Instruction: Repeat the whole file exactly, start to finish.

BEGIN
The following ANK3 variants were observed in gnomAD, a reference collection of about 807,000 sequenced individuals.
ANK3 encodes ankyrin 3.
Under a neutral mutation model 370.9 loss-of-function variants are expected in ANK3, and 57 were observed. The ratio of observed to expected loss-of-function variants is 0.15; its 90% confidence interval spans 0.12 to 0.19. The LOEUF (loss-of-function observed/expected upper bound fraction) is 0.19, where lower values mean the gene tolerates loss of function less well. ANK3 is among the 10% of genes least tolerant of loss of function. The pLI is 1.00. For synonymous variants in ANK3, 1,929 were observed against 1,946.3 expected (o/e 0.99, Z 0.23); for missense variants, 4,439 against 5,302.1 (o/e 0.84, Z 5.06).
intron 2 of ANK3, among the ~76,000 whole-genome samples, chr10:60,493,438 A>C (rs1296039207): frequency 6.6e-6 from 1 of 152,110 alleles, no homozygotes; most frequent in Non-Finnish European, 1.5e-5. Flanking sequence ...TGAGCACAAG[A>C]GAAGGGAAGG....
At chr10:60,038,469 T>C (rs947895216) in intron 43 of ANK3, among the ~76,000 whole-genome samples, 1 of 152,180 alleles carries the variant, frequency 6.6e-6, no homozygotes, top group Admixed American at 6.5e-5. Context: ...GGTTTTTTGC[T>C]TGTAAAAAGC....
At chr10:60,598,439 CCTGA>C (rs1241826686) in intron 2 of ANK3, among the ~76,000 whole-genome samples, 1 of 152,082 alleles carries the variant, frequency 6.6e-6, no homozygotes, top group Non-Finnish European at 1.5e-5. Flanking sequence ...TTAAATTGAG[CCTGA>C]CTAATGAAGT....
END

The following ANK3 variants were observed in gnomAD, a reference collection of about 807,000 sequenced individuals.
ANK3 encodes ankyrin 3.
Under a neutral mutation model 370.9 loss-of-function variants are expected in ANK3, and 57 were observed. The ratio of observed to expected loss-of-function variants is 0.15; its 90% confidence interval spans 0.12 to 0.19. The LOEUF (loss-of-function observed/expected upper bound fraction) is 0.19, where lower values mean the gene tolerates loss of function less well. ANK3 is among the 10% of genes least tolerant of loss of function. The pLI is 1.00. For synonymous variants in ANK3, 1,929 were observed against 1,946.3 expected (o/e 0.99, Z 0.23); for missense variants, 4,439 against 5,302.1 (o/e 0.84, Z 5.06).
intron 2 of ANK3, among the ~76,000 whole-genome samples, chr10:60,493,438 A>C (rs1296039207): frequency 6.6e-6 from 1 of 152,110 alleles, no homozygotes; most frequent in Non-Finnish European, 1.5e-5. Flanking sequence ...TGAGCACAAG[A>C]GAAGGGAAGG....
At chr10:60,038,469 T>C (rs947895216) in intron 43 of ANK3, among the ~76,000 whole-genome samples, 1 of 152,180 alleles carries the variant, frequency 6.6e-6, no homozygotes, top group Admixed American at 6.5e-5. Context: ...GGTTTTTTGC[T>C]TGTAAAAAGC....
At chr10:60,598,439 CCTGA>C (rs1241826686) in intron 2 of ANK3, among the ~76,000 whole-genome samples, 1 of 152,082 alleles carries the variant, frequency 6.6e-6, no homozygotes, top group Non-Finnish European at 1.5e-5. Flanking sequence ...TTAAATTGAG[CCTGA>C]CTAATGAAGT....